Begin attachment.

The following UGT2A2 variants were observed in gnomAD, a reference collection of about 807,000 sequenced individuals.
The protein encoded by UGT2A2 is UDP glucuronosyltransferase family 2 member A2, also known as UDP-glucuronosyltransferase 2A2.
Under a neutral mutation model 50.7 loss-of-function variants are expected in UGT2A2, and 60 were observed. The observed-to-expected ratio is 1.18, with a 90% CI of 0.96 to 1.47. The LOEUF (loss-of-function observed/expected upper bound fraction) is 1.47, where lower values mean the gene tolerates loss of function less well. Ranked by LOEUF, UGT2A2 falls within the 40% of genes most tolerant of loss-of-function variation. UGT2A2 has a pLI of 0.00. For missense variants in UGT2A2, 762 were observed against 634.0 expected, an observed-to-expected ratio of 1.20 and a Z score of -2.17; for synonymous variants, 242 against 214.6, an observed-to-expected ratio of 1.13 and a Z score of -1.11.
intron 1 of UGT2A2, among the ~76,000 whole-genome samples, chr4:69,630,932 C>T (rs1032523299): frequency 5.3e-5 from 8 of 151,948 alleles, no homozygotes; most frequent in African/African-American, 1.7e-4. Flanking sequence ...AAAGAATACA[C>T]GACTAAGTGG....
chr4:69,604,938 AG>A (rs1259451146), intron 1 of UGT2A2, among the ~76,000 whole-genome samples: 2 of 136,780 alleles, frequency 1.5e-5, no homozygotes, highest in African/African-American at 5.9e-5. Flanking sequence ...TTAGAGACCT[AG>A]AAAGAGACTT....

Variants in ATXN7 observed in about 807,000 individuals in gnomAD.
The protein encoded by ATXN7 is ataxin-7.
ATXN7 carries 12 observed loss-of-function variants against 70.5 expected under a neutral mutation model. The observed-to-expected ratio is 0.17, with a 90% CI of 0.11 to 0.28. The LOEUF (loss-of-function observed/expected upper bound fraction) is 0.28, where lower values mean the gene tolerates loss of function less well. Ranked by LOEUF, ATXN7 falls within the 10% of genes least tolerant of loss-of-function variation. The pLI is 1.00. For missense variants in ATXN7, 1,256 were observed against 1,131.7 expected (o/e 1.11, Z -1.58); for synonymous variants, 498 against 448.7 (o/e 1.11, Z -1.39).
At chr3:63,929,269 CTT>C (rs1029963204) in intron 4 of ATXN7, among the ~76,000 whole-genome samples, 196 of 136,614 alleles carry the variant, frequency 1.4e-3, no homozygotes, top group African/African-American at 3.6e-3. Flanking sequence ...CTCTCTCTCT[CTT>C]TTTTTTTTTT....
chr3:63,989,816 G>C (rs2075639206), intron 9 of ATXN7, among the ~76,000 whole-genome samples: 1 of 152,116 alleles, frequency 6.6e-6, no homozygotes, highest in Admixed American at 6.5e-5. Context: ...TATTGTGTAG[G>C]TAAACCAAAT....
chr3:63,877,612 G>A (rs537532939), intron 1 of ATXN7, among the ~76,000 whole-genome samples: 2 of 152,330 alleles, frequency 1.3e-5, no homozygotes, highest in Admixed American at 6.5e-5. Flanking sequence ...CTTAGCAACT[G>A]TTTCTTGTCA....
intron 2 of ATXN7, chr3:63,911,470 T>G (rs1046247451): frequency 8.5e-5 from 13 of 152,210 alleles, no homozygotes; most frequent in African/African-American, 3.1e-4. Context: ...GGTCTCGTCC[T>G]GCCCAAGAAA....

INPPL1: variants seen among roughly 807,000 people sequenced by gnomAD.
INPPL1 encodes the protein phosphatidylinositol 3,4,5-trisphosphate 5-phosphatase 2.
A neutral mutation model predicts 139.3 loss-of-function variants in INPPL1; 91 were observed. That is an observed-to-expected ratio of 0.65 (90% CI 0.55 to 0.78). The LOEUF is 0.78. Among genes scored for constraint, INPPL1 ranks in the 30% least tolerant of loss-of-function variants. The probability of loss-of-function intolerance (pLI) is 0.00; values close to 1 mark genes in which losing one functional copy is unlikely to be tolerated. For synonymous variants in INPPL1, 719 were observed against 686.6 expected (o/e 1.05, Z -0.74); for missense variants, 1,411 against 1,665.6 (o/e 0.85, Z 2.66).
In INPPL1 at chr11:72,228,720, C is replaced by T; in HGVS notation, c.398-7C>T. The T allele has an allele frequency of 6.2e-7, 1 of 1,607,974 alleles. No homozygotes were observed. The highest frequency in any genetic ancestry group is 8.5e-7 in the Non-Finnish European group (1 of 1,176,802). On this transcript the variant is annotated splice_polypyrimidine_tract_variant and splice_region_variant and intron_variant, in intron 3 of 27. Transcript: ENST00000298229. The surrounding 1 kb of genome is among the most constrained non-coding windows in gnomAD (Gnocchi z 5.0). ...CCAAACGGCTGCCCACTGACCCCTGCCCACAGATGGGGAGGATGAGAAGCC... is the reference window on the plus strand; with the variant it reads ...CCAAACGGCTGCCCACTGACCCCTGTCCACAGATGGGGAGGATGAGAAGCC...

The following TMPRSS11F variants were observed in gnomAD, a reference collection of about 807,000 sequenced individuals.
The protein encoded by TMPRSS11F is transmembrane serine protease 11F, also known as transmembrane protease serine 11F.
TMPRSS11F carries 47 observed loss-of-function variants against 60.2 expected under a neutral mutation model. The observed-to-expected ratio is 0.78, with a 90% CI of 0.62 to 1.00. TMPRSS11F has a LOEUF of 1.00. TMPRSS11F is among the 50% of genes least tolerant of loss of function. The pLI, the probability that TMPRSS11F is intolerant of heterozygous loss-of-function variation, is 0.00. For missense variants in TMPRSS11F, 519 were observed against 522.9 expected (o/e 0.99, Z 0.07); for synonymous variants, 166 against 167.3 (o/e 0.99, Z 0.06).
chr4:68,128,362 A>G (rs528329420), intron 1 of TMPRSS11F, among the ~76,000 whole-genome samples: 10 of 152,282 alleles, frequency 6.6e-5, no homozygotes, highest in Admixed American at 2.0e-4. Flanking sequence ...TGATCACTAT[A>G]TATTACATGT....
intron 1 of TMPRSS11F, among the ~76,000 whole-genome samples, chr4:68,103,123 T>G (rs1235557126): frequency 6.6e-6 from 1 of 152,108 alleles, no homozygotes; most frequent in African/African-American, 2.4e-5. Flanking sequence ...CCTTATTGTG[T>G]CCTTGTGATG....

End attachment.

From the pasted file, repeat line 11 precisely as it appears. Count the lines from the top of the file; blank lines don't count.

chr3:63,877,612 G>A (rs537532939), intron 1 of ATXN7, among the ~76,000 whole-genome samples: 2 of 152,330 alleles, frequency 1.3e-5, no homozygotes, highest in Admixed American at 6.5e-5. Flanking sequence ...CTTAGCAACT[G>A]TTTCTTGTCA....